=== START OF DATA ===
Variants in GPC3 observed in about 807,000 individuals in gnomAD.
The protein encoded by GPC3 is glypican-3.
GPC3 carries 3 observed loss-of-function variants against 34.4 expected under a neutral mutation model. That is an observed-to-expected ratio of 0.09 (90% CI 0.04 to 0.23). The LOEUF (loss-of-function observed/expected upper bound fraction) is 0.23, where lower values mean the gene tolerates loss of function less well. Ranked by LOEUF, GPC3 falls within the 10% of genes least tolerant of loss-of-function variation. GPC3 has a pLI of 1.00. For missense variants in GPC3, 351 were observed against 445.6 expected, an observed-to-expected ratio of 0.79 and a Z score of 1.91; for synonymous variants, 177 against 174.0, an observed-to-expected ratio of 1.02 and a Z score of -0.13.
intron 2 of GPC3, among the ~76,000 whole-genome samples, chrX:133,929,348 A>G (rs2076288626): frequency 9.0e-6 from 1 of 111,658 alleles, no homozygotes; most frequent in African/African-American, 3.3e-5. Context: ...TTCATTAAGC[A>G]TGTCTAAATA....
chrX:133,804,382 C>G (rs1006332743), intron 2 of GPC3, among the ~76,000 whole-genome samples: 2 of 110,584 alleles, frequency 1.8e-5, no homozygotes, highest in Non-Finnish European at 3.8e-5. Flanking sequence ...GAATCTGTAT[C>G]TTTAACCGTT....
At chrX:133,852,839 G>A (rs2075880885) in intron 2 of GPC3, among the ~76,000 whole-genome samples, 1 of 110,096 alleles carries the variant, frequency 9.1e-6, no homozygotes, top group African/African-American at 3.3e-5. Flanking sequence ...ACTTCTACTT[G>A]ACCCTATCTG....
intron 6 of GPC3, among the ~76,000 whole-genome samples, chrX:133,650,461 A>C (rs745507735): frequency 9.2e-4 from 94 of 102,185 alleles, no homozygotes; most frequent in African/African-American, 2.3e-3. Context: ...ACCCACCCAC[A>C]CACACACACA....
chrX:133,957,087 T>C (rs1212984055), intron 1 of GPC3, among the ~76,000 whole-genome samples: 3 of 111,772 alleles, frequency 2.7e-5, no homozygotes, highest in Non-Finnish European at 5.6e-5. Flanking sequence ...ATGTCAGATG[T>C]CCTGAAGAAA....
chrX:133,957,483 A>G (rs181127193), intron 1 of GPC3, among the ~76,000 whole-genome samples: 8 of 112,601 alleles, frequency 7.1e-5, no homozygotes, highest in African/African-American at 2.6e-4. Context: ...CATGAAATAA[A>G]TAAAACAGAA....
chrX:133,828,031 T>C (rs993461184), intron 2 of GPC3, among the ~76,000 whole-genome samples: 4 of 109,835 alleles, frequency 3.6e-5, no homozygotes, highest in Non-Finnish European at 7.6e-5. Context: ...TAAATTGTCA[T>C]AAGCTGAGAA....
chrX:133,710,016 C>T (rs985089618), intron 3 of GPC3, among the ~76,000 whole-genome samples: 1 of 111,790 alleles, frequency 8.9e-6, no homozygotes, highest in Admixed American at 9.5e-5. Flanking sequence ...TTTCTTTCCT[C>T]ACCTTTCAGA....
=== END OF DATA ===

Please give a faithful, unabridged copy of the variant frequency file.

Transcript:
Variants in GPC3 observed in about 807,000 individuals in gnomAD.
The protein encoded by GPC3 is glypican-3.
GPC3 carries 3 observed loss-of-function variants against 34.4 expected under a neutral mutation model. That is an observed-to-expected ratio of 0.09 (90% CI 0.04 to 0.23). The LOEUF (loss-of-function observed/expected upper bound fraction) is 0.23, where lower values mean the gene tolerates loss of function less well. Ranked by LOEUF, GPC3 falls within the 10% of genes least tolerant of loss-of-function variation. GPC3 has a pLI of 1.00. For missense variants in GPC3, 351 were observed against 445.6 expected, an observed-to-expected ratio of 0.79 and a Z score of 1.91; for synonymous variants, 177 against 174.0, an observed-to-expected ratio of 1.02 and a Z score of -0.13.
intron 2 of GPC3, among the ~76,000 whole-genome samples, chrX:133,929,348 A>G (rs2076288626): frequency 9.0e-6 from 1 of 111,658 alleles, no homozygotes; most frequent in African/African-American, 3.3e-5. Context: ...TTCATTAAGC[A>G]TGTCTAAATA....
chrX:133,804,382 C>G (rs1006332743), intron 2 of GPC3, among the ~76,000 whole-genome samples: 2 of 110,584 alleles, frequency 1.8e-5, no homozygotes, highest in Non-Finnish European at 3.8e-5. Flanking sequence ...GAATCTGTAT[C>G]TTTAACCGTT....
At chrX:133,852,839 G>A (rs2075880885) in intron 2 of GPC3, among the ~76,000 whole-genome samples, 1 of 110,096 alleles carries the variant, frequency 9.1e-6, no homozygotes, top group African/African-American at 3.3e-5. Flanking sequence ...ACTTCTACTT[G>A]ACCCTATCTG....
intron 6 of GPC3, among the ~76,000 whole-genome samples, chrX:133,650,461 A>C (rs745507735): frequency 9.2e-4 from 94 of 102,185 alleles, no homozygotes; most frequent in African/African-American, 2.3e-3. Context: ...ACCCACCCAC[A>C]CACACACACA....
chrX:133,957,087 T>C (rs1212984055), intron 1 of GPC3, among the ~76,000 whole-genome samples: 3 of 111,772 alleles, frequency 2.7e-5, no homozygotes, highest in Non-Finnish European at 5.6e-5. Flanking sequence ...ATGTCAGATG[T>C]CCTGAAGAAA....
chrX:133,957,483 A>G (rs181127193), intron 1 of GPC3, among the ~76,000 whole-genome samples: 8 of 112,601 alleles, frequency 7.1e-5, no homozygotes, highest in African/African-American at 2.6e-4. Context: ...CATGAAATAA[A>G]TAAAACAGAA....
chrX:133,828,031 T>C (rs993461184), intron 2 of GPC3, among the ~76,000 whole-genome samples: 4 of 109,835 alleles, frequency 3.6e-5, no homozygotes, highest in Non-Finnish European at 7.6e-5. Context: ...TAAATTGTCA[T>C]AAGCTGAGAA....
chrX:133,710,016 C>T (rs985089618), intron 3 of GPC3, among the ~76,000 whole-genome samples: 1 of 111,790 alleles, frequency 8.9e-6, no homozygotes, highest in Admixed American at 9.5e-5. Flanking sequence ...TTTCTTTCCT[C>T]ACCTTTCAGA....